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Social Security Disability
If you have a disease or disability that prevents you from working, you may be eligible for Social Security disability benefits, if you have worked long enough and paid enough into Social Security. Under the law, workers can begin receiving disability benefits once they have been out of work for at least five months. However, benefits don't kick in unless the disability is expected to last at least a year or result in death. Spouses and children of disabled workers may also receive benefits. Generally, payments will continue until the worker's medical condition improves enough that he or she can return to work.
How much you will receive in Social Security disability benefits depends on how much you earned during your working life. The Social Security Administration calculates your monthly disability benefits based on your average earnings before you became disabled. For an estimate of how much you will receive in disability benefits, visit the Social Security Administration online at http://www.ssa.gov/planners/calculators.htm and input information about your earnings history.
A disabled person can receive benefits until age 65, at which time payments are converted into retirement benefits. The amount of your monthly checks will not change at this time.
Family members, including spouses, children under 18 and disabled children, may be eligible for a monthly benefit of up to 50 percent of your disability rate. However, there is a limit to the total amount of money that can be paid to a family, and that amount varies between 150 percent and 180 percent of your disability benefits.
Applying for Benefits
If you become totally disabled you will need to apply with the Social Security Administration for disability benefits. It's a good idea to apply early because it can take years to begin collecting disability payments because the system is so backlogged.
There are three ways that you may apply for Social Security disability benefits:
In order to apply for benefits, you'll need:
If family members are also applying for benefits, have this information available, as well:
You will be asked to complete an Application for Benefits, as well as an Adult Disability Form. Both can be completed online at http://www.ssa.gov/applyfordisability/adult.htm
You may find it helpful to request an Adult Disability Starter Kit from the Social Security Administration. These are available online at http://www.ssa.gov/disability/disability_starter_kits_adult_eng.htm
You don't need an attorney to file for Social Security Disability benefits, but you may find it helpful to have an advocate who understands how the system works and who can cut through all the red-tape and bureaucracy.
While you may have a clear-cut case of disability, it may be more difficult than you think to start collecting Social Security Disability Benefits. Because of the number of applications every year and the inefficiency of the system, there's currently about a two-year backlog. This backlog has been well documented in the media by news outlets including USA Today and the New York Times.
After filing an application for Social Security Disability benefits, you'll wait approximately three to six months to find out if your application has been approved or denied. For most applicants, the initial answer is no. In fact, of the 2.5 million people who file disability claims every year, nearly two-thirds are denied benefits initially.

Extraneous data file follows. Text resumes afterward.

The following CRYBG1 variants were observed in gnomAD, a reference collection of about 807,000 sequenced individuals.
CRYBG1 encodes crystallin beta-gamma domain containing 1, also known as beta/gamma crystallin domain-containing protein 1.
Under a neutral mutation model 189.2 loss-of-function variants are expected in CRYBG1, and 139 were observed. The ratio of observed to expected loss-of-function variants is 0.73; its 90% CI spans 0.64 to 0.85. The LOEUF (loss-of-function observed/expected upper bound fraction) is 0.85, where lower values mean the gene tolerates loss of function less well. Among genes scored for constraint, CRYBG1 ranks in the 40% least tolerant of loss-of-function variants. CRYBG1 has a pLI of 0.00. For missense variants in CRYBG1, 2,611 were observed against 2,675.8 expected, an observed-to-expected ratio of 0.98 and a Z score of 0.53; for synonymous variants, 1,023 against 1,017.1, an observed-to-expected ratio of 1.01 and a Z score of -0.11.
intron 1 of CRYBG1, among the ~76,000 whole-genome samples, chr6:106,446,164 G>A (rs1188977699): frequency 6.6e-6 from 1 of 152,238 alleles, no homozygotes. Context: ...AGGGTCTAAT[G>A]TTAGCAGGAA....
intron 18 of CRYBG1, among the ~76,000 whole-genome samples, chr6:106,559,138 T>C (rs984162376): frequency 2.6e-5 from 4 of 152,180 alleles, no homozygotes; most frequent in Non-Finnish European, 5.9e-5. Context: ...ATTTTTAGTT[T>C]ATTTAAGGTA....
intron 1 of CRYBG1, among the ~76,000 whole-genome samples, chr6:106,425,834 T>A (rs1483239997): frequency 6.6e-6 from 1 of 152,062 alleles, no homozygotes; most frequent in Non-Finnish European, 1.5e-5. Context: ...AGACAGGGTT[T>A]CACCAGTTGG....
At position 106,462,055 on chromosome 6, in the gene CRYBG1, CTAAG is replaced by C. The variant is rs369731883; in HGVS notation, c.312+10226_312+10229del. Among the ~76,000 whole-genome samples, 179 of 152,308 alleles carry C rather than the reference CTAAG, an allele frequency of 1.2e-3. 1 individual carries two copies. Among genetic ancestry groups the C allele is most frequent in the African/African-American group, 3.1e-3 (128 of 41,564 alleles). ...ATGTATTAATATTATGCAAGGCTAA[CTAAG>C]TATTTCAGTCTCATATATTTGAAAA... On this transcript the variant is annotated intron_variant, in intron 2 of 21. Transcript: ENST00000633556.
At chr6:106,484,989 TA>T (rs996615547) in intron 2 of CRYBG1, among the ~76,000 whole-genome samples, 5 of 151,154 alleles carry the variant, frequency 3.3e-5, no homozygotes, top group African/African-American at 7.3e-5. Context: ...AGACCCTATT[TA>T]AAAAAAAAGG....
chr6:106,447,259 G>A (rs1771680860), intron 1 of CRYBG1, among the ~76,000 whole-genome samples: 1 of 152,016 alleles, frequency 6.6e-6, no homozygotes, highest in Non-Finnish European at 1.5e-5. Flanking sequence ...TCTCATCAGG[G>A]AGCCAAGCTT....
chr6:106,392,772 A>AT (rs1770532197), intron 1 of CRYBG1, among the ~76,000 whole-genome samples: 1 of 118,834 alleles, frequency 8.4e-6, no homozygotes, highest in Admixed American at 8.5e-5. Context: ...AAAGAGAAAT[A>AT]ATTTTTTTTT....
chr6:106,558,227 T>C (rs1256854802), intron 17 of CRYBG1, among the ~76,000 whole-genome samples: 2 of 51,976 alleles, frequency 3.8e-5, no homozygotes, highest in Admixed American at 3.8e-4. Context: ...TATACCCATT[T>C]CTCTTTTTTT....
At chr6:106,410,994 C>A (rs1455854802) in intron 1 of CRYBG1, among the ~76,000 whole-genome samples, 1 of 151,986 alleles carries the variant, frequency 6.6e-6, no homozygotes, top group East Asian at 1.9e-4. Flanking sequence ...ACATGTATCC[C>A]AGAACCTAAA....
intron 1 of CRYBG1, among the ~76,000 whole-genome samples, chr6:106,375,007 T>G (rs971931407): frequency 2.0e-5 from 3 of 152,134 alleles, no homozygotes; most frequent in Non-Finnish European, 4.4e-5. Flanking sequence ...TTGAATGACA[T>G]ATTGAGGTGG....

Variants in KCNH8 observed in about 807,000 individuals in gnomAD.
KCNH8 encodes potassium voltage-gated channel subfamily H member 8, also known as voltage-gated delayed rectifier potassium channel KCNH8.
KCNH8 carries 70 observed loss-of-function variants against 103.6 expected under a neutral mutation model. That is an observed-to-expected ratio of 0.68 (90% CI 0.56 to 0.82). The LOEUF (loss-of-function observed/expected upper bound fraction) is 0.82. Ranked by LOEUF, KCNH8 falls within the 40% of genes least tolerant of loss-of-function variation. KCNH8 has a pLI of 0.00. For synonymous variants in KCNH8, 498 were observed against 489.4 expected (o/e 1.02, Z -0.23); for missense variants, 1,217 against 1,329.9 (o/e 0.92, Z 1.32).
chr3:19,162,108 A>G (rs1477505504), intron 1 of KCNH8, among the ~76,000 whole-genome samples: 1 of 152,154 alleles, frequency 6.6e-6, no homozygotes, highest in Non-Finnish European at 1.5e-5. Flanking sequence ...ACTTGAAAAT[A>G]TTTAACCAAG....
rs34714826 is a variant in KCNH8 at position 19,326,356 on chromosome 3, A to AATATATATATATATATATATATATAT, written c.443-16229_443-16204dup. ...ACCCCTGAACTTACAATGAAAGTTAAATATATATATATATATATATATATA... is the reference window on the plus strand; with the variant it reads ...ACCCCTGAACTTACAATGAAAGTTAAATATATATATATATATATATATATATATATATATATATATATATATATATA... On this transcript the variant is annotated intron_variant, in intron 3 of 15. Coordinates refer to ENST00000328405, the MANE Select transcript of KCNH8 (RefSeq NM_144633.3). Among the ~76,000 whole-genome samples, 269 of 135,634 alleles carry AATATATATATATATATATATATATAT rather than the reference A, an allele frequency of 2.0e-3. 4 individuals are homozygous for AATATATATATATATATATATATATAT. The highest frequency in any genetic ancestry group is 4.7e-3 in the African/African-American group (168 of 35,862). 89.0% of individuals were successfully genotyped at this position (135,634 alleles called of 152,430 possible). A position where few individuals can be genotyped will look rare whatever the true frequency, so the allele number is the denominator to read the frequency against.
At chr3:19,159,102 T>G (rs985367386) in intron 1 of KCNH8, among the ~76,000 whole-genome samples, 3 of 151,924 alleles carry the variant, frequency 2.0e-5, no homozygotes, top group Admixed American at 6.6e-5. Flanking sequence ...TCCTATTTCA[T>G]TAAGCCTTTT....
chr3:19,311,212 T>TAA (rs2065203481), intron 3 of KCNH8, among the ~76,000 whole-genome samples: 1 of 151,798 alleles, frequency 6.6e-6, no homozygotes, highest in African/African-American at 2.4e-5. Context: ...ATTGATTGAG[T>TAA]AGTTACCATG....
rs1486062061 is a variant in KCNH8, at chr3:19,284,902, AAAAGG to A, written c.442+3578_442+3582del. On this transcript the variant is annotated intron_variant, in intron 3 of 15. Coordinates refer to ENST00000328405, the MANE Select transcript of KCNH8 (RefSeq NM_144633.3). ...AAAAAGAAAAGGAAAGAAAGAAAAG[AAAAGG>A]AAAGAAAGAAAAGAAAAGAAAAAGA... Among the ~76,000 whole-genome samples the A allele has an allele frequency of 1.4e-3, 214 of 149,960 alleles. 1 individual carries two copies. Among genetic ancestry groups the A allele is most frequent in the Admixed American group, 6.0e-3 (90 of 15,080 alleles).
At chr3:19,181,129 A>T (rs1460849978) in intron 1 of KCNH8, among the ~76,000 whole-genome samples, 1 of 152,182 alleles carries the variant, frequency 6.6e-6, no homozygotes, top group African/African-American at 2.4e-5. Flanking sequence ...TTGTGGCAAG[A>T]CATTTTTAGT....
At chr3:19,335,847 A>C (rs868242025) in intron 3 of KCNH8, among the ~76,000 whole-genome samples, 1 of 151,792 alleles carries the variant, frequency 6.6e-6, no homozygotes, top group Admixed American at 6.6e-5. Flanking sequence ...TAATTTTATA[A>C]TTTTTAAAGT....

After an initial claim is denied, you have 60 days to appeal the decision. If you miss this deadline, you must start over and file a new application for benefits, further delaying your payments.
The first appeal is called reconsideration, and an employee of the Social Security Administration reviews your application. The reconsideration phase normally takes six to nine months. Denials are pretty common at this level as well, so most people have to make a second appeal and request a hearing with an administrative law judge.
Again, you have only 60 days to file an appeal for a hearing, and it may be a year or more before you are assigned a hearing date. According to the New York Times, most applicants wait 500 days for a hearing, twice as long as in 2000, when the wait was 258 days. Since 2000, the backlog of Social Security disability cases awaiting hearing has soared from 311,000 to 755,000
At the hearing, you (and your attorney, if you hire one) will be able to present evidence about your medical condition, work history and disability to a judge. The judge who presides over your case will decide whether to grant you Social Security benefits. For most people, the process ends here.
Several factors can work in your favor during the hearing:
Paying Your Attorney
If you choose to hire an attorney to help you with your Social Security Disability claim, you won't have to pay anything up front. And when you receive your disability payments, you won't owe big legal bills.
Attorneys who represent disabled workers are only allowed to collect a fee that is equal to 25 percent of the disabled person's past-due benefits. The maximum attorney fee in Social Security cases is $5,300.
Social Security Backlog
As you already know, it may be years before you start receiving monthly Social Security payments for a legitimate disability that limits your ability to work. Simply put, the Social Security Administration is overloaded, and disabled workers are suffering because of that.
The Social Security Administration is taking steps to reduce the backlog, but politics could get in the way. The agency plans to hire at least 150 new appeals judges, but doing so would require more money than is currently in the agency's budget.